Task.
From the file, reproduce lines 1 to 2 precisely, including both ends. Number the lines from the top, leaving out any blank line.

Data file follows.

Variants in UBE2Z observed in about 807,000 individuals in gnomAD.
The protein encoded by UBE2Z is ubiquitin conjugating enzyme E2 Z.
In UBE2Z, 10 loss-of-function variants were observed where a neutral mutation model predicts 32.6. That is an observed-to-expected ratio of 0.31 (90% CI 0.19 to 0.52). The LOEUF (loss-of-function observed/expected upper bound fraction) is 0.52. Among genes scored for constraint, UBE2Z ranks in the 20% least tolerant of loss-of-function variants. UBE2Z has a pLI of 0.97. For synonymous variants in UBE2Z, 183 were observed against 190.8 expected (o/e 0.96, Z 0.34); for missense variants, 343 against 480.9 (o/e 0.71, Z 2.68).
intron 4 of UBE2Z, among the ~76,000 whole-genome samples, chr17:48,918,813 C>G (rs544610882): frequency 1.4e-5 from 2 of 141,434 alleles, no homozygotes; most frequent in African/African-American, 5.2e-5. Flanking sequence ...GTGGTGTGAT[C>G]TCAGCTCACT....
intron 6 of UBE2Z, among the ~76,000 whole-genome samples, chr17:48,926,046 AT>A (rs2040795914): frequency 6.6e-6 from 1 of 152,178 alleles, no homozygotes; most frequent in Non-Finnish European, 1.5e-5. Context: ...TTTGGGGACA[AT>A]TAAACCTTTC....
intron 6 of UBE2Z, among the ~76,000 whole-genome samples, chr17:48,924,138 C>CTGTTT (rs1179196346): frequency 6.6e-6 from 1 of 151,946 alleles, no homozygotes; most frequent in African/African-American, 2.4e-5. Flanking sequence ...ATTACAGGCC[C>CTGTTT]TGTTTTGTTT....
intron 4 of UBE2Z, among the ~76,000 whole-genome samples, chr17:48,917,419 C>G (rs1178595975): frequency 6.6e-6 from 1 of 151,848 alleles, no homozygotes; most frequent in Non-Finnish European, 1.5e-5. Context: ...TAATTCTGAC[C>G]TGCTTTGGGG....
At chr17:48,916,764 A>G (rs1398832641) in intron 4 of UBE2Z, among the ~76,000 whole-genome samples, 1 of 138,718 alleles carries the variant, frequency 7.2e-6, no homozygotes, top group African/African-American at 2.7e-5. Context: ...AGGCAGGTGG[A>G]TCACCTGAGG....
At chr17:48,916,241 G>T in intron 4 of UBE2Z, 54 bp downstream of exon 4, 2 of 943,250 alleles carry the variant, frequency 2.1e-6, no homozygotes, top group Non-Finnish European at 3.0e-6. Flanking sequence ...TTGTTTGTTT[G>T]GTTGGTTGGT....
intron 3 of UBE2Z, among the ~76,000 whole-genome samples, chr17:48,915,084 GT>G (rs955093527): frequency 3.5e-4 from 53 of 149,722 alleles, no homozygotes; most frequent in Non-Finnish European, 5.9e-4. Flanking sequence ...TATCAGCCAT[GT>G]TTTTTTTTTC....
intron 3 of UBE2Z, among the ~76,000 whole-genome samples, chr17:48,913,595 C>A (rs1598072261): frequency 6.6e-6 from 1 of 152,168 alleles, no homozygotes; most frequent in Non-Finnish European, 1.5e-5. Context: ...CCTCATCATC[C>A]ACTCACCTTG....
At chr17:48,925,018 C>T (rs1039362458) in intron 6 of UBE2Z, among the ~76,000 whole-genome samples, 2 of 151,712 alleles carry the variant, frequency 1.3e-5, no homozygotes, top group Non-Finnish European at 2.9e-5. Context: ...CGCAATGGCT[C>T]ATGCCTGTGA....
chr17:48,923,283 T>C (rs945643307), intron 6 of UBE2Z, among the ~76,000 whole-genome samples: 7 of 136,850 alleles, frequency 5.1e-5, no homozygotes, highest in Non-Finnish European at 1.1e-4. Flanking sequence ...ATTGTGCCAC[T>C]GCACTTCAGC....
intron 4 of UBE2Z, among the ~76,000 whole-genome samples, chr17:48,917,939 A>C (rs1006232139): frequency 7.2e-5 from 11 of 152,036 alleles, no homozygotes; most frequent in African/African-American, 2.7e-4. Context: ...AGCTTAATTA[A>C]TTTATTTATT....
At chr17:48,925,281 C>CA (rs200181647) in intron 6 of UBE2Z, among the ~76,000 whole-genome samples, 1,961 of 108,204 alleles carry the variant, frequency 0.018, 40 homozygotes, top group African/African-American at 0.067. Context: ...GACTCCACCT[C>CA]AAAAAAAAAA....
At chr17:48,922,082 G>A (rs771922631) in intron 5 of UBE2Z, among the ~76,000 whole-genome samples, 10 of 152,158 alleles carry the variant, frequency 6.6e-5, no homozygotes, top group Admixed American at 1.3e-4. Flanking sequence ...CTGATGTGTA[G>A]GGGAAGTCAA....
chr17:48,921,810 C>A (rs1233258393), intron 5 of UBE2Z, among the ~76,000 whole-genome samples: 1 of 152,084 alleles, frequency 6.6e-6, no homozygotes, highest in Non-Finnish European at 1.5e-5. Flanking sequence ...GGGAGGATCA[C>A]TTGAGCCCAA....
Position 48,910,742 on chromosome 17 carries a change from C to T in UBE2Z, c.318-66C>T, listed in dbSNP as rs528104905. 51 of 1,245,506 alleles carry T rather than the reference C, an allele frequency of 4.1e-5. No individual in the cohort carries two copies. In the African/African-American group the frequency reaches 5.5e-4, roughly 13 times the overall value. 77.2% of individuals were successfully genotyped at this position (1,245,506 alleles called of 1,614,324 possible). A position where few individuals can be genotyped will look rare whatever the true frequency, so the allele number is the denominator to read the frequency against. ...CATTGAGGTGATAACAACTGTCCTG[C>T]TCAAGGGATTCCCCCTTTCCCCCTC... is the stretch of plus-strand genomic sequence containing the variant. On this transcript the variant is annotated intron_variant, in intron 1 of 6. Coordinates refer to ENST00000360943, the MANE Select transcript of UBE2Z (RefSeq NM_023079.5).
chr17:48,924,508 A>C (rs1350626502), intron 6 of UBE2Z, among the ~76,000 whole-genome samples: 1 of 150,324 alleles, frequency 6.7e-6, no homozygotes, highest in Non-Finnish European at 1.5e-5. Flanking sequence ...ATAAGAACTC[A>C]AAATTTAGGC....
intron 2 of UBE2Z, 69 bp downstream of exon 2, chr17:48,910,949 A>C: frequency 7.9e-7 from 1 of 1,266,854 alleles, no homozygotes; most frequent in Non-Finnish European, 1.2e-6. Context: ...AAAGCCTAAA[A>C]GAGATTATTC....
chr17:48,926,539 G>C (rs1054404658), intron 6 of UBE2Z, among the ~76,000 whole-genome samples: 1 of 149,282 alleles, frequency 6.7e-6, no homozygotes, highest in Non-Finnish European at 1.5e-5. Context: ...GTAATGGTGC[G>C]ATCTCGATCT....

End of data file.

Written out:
Variants in UBE2Z observed in about 807,000 individuals in gnomAD.
The protein encoded by UBE2Z is ubiquitin conjugating enzyme E2 Z.